Baking With the Best Ingredient in Mind

Encouragement Wrapped in a Bow

by Cathy Baker

Remember this post from 2008?

  • Starbucks has the Pumpkin Spice Latte
  • The Beacon has the Hash-A-Plenty
  • My late grandmother, Elsie Knighton, had her egg custard pie

Like those “signature” dishes, my other grandmother, aka “Ma-Ma”, was well known for her pound cake in Fairforest,
SC, back in the day. For as long as I can remember, she baked at
least one pound cake a week. She sliced it into thirds, wrapped each section in
wax paper and added one last shiny wrap before delivering her thirds to the sick, lonely, and elderly. 

Unfortunately, I didn’t pay close attention to either grandmother’s mad cooking skills. In fact, years ago, I bought a rubber stamp that said, Don’t worry. I didn’t bake it myself, in hopes of putting the recipient’s mind at ease. I saw no hope in sight until I received my shiny red Kitchen-Aid mixer. It revved up my baking engine as well as my interest to find my own “signature something.” You know, the kind of recipe that comes to mind as quickly as your firstborn’s name.

I’ve tried several pound cake recipes (including MaMa’s)
only to have the pans sabotage my efforts. Yes, it was the pan. That’s my story and I’m sticking to it.

However, I’m confident that a day is coming when I’ll say goodbye to the rubber stamp and say hello to a tag that reads, Baked with Love, by Cathy.

My “Signature Something” baked in vintage Pyrex

Score! I may have discovered my signature something this weekend—pumpkin bread with a brown sugar glaze. The only obstacle? The glaze is so yummilicious you’ll want to ditch the drizzle and smother your bread like it’s a blanket. Brian called it “the kind of dish that makes you want to scrape the plate clean.”

And yet—where both grandmother’s were concerned—their signature somethings were far more than a delight to the palate. Each cake and every pie was baked with one thing in mind: other people, the best ingredient of all.

Do you have a signature something? A go-to dish that you share with others? I’d love to hear about it and if you’d like to share the recipe, I’d be honored to include it on my blog in the near future, along with my signature something.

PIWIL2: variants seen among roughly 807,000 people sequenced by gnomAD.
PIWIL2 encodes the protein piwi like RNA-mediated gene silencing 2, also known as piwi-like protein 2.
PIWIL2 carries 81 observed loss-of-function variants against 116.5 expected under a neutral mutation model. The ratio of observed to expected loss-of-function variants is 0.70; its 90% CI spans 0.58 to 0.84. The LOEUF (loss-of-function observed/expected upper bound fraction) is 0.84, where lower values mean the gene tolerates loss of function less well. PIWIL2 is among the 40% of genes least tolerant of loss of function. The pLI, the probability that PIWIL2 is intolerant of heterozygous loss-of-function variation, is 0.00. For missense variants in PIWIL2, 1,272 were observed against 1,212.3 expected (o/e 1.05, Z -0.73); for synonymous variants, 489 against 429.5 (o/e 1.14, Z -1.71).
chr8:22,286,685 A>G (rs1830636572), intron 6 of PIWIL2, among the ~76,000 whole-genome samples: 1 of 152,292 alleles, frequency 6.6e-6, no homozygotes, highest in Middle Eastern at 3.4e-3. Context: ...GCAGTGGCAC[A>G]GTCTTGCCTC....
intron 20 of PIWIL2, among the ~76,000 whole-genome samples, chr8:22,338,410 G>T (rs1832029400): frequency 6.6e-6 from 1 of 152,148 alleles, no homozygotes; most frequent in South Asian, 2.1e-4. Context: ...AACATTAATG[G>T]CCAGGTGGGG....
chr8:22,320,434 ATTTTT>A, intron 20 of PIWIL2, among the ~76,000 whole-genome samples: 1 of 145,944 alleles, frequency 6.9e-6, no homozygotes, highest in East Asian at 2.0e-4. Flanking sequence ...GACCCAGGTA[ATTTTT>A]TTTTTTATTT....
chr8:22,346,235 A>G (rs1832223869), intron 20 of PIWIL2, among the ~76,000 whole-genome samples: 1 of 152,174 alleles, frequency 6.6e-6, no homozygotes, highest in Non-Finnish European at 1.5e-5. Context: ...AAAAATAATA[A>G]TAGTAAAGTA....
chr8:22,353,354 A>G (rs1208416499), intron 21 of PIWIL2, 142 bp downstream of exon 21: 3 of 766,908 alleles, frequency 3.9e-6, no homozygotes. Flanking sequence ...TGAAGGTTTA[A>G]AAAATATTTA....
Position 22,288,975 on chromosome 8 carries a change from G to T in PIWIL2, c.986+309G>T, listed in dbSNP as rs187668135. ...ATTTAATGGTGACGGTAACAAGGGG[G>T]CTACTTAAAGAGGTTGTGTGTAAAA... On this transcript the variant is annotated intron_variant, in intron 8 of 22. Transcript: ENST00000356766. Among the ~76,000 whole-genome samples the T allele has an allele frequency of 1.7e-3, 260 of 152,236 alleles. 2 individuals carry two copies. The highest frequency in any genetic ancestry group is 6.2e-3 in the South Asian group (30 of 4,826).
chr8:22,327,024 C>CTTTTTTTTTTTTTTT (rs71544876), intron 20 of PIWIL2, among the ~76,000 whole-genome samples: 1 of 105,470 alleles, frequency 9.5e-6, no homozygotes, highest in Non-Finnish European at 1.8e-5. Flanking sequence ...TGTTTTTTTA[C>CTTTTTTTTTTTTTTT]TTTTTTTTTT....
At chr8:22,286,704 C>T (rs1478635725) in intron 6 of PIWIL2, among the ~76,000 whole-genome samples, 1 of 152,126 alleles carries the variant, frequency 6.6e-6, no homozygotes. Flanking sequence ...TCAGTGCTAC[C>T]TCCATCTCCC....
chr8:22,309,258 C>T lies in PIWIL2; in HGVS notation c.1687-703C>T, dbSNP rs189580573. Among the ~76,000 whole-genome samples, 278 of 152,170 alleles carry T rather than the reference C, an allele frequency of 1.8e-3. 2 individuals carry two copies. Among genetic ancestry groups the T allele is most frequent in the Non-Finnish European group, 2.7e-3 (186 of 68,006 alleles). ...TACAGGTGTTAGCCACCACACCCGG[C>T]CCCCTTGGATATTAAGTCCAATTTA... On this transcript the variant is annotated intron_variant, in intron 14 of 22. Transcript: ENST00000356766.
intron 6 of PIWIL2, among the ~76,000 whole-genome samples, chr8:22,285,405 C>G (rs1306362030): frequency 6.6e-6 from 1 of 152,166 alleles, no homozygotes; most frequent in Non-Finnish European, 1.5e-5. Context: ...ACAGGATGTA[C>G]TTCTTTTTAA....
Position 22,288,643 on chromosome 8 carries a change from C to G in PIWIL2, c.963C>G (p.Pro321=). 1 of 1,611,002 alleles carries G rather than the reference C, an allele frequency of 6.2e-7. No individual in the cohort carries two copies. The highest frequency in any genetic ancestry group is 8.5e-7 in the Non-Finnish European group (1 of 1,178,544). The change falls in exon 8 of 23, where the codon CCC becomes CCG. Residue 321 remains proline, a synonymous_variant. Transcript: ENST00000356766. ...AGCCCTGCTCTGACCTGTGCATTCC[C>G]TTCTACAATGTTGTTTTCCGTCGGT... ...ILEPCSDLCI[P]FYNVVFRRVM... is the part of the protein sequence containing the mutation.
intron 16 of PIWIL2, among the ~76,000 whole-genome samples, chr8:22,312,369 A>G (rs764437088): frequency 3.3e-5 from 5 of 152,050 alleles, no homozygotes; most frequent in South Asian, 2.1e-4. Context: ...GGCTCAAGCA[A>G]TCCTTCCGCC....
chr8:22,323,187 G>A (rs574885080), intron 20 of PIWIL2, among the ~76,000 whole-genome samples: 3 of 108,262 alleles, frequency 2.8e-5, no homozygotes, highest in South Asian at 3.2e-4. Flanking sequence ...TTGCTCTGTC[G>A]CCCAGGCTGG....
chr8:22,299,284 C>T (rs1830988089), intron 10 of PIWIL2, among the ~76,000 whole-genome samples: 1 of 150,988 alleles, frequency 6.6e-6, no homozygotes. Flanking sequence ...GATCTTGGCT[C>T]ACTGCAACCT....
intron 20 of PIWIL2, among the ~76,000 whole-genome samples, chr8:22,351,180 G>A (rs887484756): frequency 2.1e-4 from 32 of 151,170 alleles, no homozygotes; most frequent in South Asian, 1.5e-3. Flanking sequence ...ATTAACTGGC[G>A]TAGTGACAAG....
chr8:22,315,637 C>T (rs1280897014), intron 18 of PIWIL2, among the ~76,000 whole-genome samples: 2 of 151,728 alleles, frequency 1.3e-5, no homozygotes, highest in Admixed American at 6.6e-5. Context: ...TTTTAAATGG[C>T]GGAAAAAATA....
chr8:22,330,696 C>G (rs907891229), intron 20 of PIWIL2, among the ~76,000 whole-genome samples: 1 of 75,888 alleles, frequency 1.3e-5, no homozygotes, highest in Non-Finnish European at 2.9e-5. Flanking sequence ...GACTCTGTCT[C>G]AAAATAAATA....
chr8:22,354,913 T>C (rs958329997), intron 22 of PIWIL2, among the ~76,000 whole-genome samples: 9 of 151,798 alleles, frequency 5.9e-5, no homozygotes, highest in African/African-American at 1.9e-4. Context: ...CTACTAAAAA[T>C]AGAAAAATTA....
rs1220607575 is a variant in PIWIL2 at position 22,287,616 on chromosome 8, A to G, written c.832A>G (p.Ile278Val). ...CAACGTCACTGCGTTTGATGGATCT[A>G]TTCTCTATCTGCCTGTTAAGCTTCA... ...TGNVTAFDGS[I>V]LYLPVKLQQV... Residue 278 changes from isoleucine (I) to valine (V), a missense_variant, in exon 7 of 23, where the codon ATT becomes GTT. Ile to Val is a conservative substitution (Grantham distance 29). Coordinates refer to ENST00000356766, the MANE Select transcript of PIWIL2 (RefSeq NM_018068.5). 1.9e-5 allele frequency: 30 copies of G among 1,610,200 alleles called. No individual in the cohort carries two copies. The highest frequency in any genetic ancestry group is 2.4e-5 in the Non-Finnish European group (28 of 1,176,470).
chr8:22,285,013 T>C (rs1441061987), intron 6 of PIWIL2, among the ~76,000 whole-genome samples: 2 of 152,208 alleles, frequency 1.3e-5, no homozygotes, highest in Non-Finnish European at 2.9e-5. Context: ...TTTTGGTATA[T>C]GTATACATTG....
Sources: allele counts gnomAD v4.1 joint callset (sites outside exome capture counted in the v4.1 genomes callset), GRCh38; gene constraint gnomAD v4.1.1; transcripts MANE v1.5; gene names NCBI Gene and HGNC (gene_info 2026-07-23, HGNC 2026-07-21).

Whatever you do,  
work heartily, as for the Lord and not for men,
knowing that from the Lord you will receive the inheritance as your
You are serving the Lord Christ. 
Colossians 3:23, 24

Staying in Step with the Spirit Via A Spiritual Heritage

by Cathy Baker

{ Day 30 }

One Saturday morning, several years ago, I headed to my hometown of Spartanburg to visit family, as well as Jayne, a woman who had advertised free liriope in Craig’s List. 

As we put shovel to dirt, I learned that Jayne had attended the same church as my paternal grandparents for many years. She was also the church secretary for ten of those years. Her face lit up when I mentioned my grandmother’s name. That happened a lot.

While taking a break on Jayne’s front porch she excused herself and returned a few minutes later with a wide grin. In her hands were some things kept from her time at Fairforest Baptist Church. At one point, she carefully pulled out a manilla folder. She told me the folder held one of her greatest treasures. When the folder opened, I immediately recognized the handwriting. It was Ma-Ma’s. 

Ma-Ma had written Jayne a small note, encouraging her teaching efforts when Jayne taught her class for several months. Attached to Ma-Ma’s note was a piece of notebook paper filled with handwritten names and phone numbers.

Shuping and Alberta Scott

With tears welling up in her eyes, Jayne shared how she
had mentioned in class one Sunday that the ladies needed to pray for one
another on a regular basis. On the following Sunday, Ma-Ma handed her
what is now tucked away in Jayne’s treasured file.

Ma-Ma was a prayer warrior up until she drew her last breath.

Jayne also shared how my grandfather, Pa-Pa,
would come to the church office and
give anonymously to different missions and needs. He never wanted to be
recognized or applauded for his giving.

It is a priceless gift to inherit such a spiritual heritage. May our grandchildren and great-grandchildren be able to say the same in the years to come. 

I hope you enjoyed the above post, originally shared in 2009. Since then, Ma-Ma went home to be with the Lord. Thankfully, my spiritual heritage stemmed from both sides of my family. All four grandparents were godly, beautiful examples of Christ. 

“Your story is the greatest legacy that you will leave to your
It’s the longest-lasting legacy you will leave to your heirs.”

Steve Saint

Staying in Step with the Spirit: The choices we make today will impact the steps of future generations to come.